UK citizens are set to contribute to world-leading research on air quality, plastic pollution, ‘super yeast’ in biotechnology and understanding barriers to eye care, with Aston researchers taking part in several projects.
They will join 53 innovative projects across the UK, funded by the government via the research and innovation funding agency UK Research and Innovation (UKRI), worth £1.4m. The projects will target communities who would not normally engage with research, so they can help shape innovations that is relevant to their lives and their local areas.
The projects hope to expand opportunities for people from across the UK to actively contribute to publicly funded research and encourage underserved communities to share their ideas, concerns and aspirations, and to get involved in decision making. The projects also aim to inspire a new generation of children and young people about the potential of research and innovation.
As part of the twenty-five public engagement projects, Aston University researchers from Aston Optometry School are taking part in a project to better understanding barriers to eye care in the community.
Professor Leon Davies, Head of Aston Optometry School, Aston University said: “Our project brings together an interdisciplinary academic team, Citizens UK and Aston Villa Foundation to work in some of the most deprived wards of central Birmingham. The team will use citizen listening events to understand barriers to accessing eye care, and co-create solutions including guidance and toolkits.”
A further 28 projects will focus on citizen science and will see diverse groups of people helping research teams to crowdsource and analyse data and collaborate with researchers to develop research questions.
The Aston project led by scientists in the Biosciences research group, involves the crowdsourcing of yeast strains from members of the public to test for alcohol and sugar tolerance. By determining what makes a strain more resistant to these stresses the researchers aim to develop microbes that can withstand the effects of climate change or produce sustainable alternatives to fossil fuel derived products.
Dr Alan Goddard, Senior Lecturer in Biochemistry said: “We are asking the public to send us samples of yeast, for example, from baking, brewing or fermented drinks. The yeast will be tested for tolerance to sugar and alcohol and a leaderboard of the most tolerant strains will be published. By identifying these strains, we'll be able to investigate what makes ‘SuperYeast’ more robust. This knowledge will help to develop better microbes for biotechnology and hopefully will offer more sustainable solutions in tackling the climate crisis.”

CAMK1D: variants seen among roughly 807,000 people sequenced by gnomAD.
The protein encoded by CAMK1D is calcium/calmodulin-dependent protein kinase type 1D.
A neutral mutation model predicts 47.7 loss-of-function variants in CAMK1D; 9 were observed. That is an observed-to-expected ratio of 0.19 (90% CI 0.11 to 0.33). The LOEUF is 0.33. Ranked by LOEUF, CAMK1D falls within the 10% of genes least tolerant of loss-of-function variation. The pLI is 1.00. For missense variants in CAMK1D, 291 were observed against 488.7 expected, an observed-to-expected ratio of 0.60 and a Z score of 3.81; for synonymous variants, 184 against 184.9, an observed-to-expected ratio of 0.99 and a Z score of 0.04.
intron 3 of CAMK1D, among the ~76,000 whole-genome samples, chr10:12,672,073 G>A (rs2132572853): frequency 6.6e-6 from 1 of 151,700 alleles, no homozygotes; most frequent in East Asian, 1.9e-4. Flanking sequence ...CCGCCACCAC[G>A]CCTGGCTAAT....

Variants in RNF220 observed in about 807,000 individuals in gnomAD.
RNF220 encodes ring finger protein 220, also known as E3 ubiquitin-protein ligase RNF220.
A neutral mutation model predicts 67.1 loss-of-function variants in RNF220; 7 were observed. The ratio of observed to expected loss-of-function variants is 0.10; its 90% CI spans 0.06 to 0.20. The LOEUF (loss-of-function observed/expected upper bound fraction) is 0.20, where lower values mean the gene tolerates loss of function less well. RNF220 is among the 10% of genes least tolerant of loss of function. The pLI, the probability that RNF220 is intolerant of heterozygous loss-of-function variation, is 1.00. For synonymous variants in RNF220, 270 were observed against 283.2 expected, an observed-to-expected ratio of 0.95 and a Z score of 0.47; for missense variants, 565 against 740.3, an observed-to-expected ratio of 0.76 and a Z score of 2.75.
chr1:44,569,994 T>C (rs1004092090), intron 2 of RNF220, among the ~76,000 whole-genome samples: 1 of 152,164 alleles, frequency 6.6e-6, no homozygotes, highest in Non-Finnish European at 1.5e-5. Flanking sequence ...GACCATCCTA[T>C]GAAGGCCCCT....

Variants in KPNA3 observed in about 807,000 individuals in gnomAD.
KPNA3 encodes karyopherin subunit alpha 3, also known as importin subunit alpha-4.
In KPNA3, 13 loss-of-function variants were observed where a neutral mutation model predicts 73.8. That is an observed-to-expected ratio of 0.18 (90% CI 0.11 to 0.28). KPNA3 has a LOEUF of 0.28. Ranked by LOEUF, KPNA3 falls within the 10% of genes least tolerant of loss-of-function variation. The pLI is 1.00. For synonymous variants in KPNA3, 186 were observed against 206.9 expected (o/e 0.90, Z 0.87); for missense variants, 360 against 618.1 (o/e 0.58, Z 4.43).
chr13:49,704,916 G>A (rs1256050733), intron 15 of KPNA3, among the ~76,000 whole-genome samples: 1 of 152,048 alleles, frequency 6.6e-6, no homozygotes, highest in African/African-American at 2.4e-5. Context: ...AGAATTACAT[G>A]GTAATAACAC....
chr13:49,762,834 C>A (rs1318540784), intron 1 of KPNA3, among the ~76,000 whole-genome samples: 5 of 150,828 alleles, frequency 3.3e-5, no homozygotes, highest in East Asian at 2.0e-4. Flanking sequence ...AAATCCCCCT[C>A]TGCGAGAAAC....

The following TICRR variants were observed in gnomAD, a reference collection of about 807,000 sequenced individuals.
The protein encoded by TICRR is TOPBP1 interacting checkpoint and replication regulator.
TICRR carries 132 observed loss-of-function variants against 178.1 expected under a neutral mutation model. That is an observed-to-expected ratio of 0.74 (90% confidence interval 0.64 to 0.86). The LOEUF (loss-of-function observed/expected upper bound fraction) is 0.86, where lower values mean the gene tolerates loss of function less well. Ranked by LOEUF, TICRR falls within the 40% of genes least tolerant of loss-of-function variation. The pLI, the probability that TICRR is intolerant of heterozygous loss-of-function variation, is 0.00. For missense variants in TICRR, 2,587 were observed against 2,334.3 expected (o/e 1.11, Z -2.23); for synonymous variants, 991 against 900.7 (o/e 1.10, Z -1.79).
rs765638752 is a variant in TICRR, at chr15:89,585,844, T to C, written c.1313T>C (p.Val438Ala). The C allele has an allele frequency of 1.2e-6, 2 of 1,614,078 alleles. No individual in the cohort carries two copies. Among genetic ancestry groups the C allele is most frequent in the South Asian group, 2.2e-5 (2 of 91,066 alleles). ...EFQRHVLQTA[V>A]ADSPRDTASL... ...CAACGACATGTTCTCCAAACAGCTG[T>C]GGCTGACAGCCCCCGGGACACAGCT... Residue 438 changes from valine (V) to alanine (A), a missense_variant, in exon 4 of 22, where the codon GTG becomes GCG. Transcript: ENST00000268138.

UK Research and Innovation’s Head of Public Engagement, Tom Saunders, said:
“The 53 pilot projects that we have funded represent an exciting range of ways that researchers and innovators can involve the public in their work, from games to citizens’ juries, storytelling to data crowdsourcing. In 2020 and beyond, we will build on the lessons we learn through funding these pilot projects to help us achieve our ambition of making research and innovation responsive to the knowledge, priorities and values of society and open to participation by people from all backgrounds.”
The projects are the first to be funded as part of UKRI’s new vision for public engagement, launched in 2019. Each project will run for six months, starting in December 2019.
Notes to Editors
About Aston University
Founded in 1895 and a University since 1966, Aston is a long established university led by its three main beneficiaries – students, business and the professions, and our region and society. Aston University is located in Birmingham and at the heart of a vibrant city and the campus houses all the university’s academic, social and accommodation facilities for our students. Professor Alec Cameron is the Vice-Chancellor & Chief Executive.
UK Research and Innovation works in partnership with universities, research organisations, businesses, charities, and government to create the best possible environment for research and innovation to flourish. It operates across the whole of the UK with a budget of more than £7 billion.
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